This article was originally published on September 9. It was updated on September 16.
On September 8, Queen Elizabeth II died at Balmoral castle, in Scotland. She was 96. She was Great Britain’s head of state for 70 years.
“You can’t actually quite imagine her not being there,” Sally Cherry said. Cherry was one of the mourners who gathered outside of Buckingham Palace, in London, England. “I don’t think you’ll see a reign like that again.”
Elizabeth became queen in 1952. That was after her father, King George VI, died. As queen, she did not have governing power. She traveled the world as her nation’s goodwill ambassador. But she could appoint British prime ministers. Two days before she died, Elizabeth met with Britain’s new prime minister, Liz Truss.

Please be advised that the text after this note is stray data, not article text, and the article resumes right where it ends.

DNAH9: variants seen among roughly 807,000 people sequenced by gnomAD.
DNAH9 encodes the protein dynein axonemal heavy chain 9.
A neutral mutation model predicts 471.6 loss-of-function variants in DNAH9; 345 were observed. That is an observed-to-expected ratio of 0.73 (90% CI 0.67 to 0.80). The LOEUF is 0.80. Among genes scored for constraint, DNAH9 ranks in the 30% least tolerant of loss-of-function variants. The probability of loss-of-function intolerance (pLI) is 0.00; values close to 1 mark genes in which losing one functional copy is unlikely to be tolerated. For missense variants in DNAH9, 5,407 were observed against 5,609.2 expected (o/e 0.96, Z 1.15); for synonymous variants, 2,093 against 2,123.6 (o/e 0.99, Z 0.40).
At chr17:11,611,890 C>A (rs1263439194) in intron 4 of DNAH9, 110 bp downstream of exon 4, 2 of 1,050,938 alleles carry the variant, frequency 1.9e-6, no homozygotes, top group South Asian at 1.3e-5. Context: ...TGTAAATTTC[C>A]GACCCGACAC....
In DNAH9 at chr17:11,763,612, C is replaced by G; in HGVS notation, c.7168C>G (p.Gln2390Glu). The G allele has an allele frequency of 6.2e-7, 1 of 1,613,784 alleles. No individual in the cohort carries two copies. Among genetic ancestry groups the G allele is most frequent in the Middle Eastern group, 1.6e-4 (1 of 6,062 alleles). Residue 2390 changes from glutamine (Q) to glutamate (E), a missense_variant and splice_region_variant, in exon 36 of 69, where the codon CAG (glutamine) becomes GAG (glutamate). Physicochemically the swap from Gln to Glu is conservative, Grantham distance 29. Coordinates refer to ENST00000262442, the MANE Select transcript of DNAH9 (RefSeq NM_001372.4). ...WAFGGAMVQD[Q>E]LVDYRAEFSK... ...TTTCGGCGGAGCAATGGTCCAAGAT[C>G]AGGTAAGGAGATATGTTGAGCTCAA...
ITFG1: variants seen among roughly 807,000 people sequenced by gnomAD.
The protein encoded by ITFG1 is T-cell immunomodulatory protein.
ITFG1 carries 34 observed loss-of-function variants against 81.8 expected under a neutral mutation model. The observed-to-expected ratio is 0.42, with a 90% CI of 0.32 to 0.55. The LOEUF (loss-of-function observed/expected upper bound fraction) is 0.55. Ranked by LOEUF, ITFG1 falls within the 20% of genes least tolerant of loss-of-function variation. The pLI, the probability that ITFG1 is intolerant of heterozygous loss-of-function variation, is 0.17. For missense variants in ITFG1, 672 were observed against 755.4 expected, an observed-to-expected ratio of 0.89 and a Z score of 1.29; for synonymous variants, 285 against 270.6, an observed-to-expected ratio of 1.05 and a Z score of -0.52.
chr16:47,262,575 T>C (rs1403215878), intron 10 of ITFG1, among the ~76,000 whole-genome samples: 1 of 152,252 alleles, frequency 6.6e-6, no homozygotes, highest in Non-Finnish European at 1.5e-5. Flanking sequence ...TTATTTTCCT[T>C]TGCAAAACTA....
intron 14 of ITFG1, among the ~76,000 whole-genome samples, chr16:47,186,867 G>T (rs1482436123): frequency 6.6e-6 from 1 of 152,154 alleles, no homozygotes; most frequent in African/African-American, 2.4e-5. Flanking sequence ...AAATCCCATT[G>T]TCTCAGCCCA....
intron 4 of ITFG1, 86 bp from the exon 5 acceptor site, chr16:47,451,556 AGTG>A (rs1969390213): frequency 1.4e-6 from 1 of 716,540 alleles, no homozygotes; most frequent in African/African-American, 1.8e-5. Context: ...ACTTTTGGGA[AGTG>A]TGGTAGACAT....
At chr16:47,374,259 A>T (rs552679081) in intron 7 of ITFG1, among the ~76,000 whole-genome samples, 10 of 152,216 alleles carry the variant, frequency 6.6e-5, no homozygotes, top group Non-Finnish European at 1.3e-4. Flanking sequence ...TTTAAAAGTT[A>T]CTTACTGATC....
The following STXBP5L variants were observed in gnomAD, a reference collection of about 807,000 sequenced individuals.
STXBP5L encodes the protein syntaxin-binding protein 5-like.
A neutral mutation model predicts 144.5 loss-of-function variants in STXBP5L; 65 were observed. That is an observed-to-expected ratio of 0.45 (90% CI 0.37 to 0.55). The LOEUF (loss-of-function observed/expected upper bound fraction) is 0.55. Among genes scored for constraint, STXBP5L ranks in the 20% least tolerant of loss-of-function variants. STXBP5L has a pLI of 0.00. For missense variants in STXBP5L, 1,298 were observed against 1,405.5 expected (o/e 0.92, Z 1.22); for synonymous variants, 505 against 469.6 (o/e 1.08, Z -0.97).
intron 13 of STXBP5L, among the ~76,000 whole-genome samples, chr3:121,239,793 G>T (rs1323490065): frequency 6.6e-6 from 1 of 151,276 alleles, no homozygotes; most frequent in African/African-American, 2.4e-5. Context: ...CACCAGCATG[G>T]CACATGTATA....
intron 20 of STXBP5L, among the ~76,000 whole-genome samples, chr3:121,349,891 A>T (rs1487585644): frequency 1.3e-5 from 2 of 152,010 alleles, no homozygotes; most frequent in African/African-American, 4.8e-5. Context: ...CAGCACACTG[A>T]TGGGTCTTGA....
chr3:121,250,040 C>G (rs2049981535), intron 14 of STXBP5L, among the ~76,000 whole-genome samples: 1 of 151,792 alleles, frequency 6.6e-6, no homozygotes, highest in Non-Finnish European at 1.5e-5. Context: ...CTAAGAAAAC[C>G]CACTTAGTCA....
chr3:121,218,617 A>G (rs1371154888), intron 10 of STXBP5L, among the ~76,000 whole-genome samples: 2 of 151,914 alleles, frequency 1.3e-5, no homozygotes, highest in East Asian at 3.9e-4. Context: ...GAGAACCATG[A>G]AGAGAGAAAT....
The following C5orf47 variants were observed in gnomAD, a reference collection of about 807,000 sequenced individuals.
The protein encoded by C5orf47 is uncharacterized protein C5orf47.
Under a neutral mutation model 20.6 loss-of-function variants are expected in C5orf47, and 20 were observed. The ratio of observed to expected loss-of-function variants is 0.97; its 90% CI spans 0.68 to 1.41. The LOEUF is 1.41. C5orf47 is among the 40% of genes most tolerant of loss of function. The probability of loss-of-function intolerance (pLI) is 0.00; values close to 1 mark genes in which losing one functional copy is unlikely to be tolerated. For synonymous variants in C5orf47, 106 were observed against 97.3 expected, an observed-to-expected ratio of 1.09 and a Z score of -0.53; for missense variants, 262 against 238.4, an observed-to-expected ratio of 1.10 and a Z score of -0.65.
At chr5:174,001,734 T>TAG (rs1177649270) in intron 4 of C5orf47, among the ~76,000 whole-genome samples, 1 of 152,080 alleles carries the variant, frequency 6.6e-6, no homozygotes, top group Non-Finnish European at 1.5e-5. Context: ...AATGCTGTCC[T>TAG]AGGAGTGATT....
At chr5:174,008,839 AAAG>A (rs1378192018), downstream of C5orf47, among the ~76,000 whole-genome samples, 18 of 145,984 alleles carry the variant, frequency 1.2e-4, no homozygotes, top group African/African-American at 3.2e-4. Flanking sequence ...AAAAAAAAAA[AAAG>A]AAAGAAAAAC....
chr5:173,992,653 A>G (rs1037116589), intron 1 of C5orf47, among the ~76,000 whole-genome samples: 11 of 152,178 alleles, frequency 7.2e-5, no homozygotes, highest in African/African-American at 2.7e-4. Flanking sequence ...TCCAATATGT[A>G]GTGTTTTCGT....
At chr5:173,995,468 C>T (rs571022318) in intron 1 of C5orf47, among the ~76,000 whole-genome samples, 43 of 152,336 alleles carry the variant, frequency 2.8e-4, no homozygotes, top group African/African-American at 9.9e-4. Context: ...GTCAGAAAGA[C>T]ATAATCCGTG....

A funeral will be held at Westminster Abbey, in London, on September 19. Elizabeth’s son Charles, who is now king, said: “I know her loss will be deeply felt throughout the country . . . and by countless people around the world.”
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